Compiled by Don Hoiness from archived copies of The Bulletin at Deschutes County Historical Society.

100 YEARS AGO

For the week ending

Oct. 6, 1918

Booze in ricks in county jail

Nearly 200 quarts of Sunnybrook and Jesse Moore AA are in the possession of Sheriff S.E. Roberts, and Byrd Lowell, W.E. Hogue and Billie Robinson are in the county jail as a result of a haul made this morning by Sheriff Roberts on the La Pine road about seven miles east of the city.

For two weeks Mr. Roberts and L.A.W. Nixon have been keeping the three men under their surveillance.

It is the opinion of the officials that the men have been bringing “booze” into the district, and an affair at Alfalfa two weeks ago when liquor was flowing freely at a dance held there confirmed their suspicions.

The men left for the California line in an automobile late last week and the officials immediately set their plans to catch them upon their return.

Yesterday afternoon Sheriff Roberts, in company with L.A.W. Nixon, drove out on the route the men must return by and laid in wait for them. All cut-off roads over which the men might reach either of their homes were watched, the vigil lasting all night until nearly noon today.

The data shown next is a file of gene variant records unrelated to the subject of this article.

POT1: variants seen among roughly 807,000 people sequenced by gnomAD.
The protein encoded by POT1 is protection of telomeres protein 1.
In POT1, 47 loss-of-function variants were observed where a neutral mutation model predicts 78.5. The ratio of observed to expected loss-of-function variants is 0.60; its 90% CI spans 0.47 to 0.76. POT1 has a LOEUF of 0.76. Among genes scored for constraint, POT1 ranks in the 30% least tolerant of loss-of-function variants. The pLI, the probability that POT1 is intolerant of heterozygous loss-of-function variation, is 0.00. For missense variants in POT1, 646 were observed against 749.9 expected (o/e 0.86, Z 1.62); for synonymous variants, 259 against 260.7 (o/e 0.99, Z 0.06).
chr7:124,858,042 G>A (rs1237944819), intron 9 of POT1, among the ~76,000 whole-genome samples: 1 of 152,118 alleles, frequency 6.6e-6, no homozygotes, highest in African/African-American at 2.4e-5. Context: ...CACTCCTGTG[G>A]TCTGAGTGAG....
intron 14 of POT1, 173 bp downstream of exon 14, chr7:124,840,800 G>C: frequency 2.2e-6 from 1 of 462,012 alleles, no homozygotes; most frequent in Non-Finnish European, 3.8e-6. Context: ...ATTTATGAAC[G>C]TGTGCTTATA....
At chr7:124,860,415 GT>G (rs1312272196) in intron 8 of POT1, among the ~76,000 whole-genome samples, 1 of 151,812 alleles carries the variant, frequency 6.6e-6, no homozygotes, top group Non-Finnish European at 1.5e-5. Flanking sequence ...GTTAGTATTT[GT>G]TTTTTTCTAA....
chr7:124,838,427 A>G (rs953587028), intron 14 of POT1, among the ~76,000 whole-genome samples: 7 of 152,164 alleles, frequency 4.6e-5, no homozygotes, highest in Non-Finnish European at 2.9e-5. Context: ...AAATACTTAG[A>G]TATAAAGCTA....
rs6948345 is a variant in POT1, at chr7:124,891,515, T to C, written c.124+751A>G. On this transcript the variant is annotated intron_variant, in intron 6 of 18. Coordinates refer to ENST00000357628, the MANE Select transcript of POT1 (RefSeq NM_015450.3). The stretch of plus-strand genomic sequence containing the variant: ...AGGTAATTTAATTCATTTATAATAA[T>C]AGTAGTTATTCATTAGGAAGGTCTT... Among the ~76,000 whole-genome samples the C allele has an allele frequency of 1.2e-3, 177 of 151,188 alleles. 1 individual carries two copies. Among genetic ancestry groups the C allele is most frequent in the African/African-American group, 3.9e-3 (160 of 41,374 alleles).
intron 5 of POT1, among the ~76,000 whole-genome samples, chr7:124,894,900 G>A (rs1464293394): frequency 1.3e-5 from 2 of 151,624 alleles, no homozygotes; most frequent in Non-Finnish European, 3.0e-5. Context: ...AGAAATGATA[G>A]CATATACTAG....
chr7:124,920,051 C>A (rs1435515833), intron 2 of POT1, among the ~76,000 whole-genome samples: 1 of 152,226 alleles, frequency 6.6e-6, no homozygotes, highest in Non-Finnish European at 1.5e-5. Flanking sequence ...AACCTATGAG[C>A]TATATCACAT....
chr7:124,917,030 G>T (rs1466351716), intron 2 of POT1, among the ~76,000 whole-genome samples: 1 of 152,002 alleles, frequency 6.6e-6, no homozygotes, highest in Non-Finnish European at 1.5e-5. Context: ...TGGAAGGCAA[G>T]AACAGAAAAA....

At about 11 o’clock the sheriff left Nixon to guard one of the cut-off roads and started for Bend to get another man to relieve them.

He had been gone but less than half an hour when the car with the three men appeared and Nixon made the arrest.

He notified Roberts at once and the men were brought to this city and placed in the county jail, where they will be held pending their trial, which is to take place some time tomorrow.

This afternoon, while in the county jail, one of the men insisted that the trial be held immediately so that he might be released from custody in order to put up his hay, which he complains is down in the field and awaiting his attention.

This is one of the biggest hauls that has ever been made in the county.

All of the liquor is in the original wrappings and is piled in the corridor of the jail much the same as cordwood.

Woman suffrage may see defeat

WASHINGTON — The defeat of woman’s suffrage when the senate votes on it this session was made certain today when Senator Benet of South Carolina, in his maiden speech, came out against the amendment.

Benet’s stand has astounded the suffragists, for he had been counted as among the 31 Democrats who would support the resolution.

Ferdinand expected to go to Austria

GENEVA — King Ferdinand’s two daughters arrived in Vienna Saturday and stated that their father is expected to follow shortly. The Bulgarian monarch has large sums of money deposited in Swiss banks and it is understood the daughters have brought the crown jewels with them.

75 YEARS AGO

For the week ending

Oct. 6, 1943

Italians join new allies in war on Nazis

Allied Headquarters, North Africa — Some units of the Italian army, navy and air force have gone into action against their former allies, the Germans, it was revealed today coincident with the announcement of a meeting of General Dwight D. Eisenhower and Marshal Pietro Badoglio.